Another flaw was that I had focused almost entirely on English characters.  The few native characters that appear in the manuscript are one dimensional.  What were their fears, aspirations, internal conflicts? I asked myself.  It was as though I had considered these natives superfluous.  The characters in the excerpt below are essentially bodies with names.  My purpose here was to provide important historical information through the use of dialogue.  Conspicuously lacking is individuality of character.  The scene is, succinctly stated, an information dump. 

           “The white men are not gods,” Wanchese repeated.

            Several of Wingina’s advisors nodded agreement.

            “I believe they are men of an old generation many years ago,” Granganimeo responded, “dead men returned to this world again. That they remain dead for a certain time only. That another generation is now in the air, invisible, waiting to follow them.”

            “If they are of the sprit world, they have very large appetites,” declared Osacan, Wanchese’s friend.  “They are men only lacking color, from a distant land. And their god is not to be feared.”

            “Their god is to be feared.  His power is in Hariot’s sword and looking-glass.”

            The others faced Ensenore, Wingina’s frail father.

            “Why then are they without food, helpless and starving with food about them?” Wingina asked quietly.

            Ensenore spoke carefully. “They came without women and they refused our women so we believed they were gods, pale spirits as Granganimeo has said. I do not know if they are gods. If they are men, their god has given them great power over us. He has given them the skill to kill any of us without a weapon and from any distance. We suddenly are ill, and then we die. Their god wishes that we give them food. If we do not, he punishes us.”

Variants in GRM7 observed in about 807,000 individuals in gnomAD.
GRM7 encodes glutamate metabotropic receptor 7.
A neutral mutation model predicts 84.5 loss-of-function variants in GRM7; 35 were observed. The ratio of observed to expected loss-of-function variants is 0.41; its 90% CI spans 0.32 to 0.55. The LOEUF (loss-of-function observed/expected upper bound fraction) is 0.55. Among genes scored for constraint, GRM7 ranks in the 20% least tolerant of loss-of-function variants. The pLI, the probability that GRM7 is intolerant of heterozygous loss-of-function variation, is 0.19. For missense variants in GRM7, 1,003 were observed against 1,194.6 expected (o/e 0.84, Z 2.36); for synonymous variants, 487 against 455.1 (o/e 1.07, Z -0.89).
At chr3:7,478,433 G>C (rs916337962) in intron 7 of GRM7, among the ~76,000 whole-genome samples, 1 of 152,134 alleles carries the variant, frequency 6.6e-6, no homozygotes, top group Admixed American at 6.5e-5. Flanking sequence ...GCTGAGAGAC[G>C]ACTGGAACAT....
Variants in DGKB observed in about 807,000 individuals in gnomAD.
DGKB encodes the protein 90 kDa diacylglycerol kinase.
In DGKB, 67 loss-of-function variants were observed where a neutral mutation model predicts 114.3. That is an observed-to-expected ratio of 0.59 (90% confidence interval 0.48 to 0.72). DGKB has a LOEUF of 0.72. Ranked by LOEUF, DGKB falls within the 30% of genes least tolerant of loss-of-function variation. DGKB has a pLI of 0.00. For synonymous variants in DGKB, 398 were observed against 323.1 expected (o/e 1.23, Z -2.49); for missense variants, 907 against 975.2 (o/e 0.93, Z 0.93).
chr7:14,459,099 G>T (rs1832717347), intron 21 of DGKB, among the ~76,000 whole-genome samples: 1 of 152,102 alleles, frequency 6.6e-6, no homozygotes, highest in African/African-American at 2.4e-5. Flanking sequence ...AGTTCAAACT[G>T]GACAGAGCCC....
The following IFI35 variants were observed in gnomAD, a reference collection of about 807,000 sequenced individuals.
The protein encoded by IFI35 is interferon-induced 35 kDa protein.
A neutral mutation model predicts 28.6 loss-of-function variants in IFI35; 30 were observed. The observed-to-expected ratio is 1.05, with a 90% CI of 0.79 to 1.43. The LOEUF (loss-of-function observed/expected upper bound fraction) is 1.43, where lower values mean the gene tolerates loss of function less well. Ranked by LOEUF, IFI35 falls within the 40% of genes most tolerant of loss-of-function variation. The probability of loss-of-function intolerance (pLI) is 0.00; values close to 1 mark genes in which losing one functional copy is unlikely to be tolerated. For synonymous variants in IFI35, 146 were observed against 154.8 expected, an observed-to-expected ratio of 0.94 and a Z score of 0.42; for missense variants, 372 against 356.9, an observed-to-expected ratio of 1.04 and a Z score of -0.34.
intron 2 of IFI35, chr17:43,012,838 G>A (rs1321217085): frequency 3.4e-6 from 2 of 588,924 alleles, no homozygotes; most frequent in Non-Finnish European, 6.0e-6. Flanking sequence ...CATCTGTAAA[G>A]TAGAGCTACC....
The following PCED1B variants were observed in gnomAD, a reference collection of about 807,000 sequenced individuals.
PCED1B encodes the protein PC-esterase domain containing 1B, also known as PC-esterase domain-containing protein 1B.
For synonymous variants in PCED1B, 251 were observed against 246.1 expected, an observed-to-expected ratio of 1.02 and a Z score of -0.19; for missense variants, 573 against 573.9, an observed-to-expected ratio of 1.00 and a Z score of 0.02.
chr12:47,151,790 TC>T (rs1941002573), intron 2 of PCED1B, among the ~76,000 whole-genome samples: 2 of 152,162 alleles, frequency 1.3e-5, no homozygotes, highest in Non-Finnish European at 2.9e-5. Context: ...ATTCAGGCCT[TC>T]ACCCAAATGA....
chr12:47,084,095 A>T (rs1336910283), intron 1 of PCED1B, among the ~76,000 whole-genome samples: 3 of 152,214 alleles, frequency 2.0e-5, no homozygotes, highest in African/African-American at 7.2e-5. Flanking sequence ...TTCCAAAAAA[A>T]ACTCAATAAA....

Wingina stared at his father without speaking. He was not convinced. He wanted Lane’s men gone from his island forever. If they did not leave voluntarily, he would find a way to destroy them.

Finally, not one person in the manuscript is a fictional character.  Any novel that attempts to recreate some aspect of the past needs invented characters.  How could I portray effectively the Carolina coastal Algonquians’ way of living and thinking without them?  I needed to tell stories about individual people to create a mosaic, a context to make more meaningful those major events that did occur when Englishmen and Algonquians came together and eventually clashed. 

What had subjectively attracted me to this subject matter was clearly missing.  Rewrite it, or chuck it?  I decided to accept the challenge. 

I want to explore themes like the clash of incompatible cultures, the exploitation of the vulnerable, man’s need to conquer and control, the dangers of resistance, man’s overall purpose, his need to adhere to religious beliefs.  I want to create fully-dimensional characters, individuals with whom readers can identify, human beings deserving emotional judgment.  I want to present specifically the Algonquian point of view.  I want to write a novel that demands the best of what I am able to produce.

I may not get there.  I’ve barely begun.  I’ve written five chapters.  At this later stage in my life writing another novel gives me a special purpose.  I will be posting in future installments my difficulties and how I have attempted to surmount them.  It would be fun to hear from you.  My email address is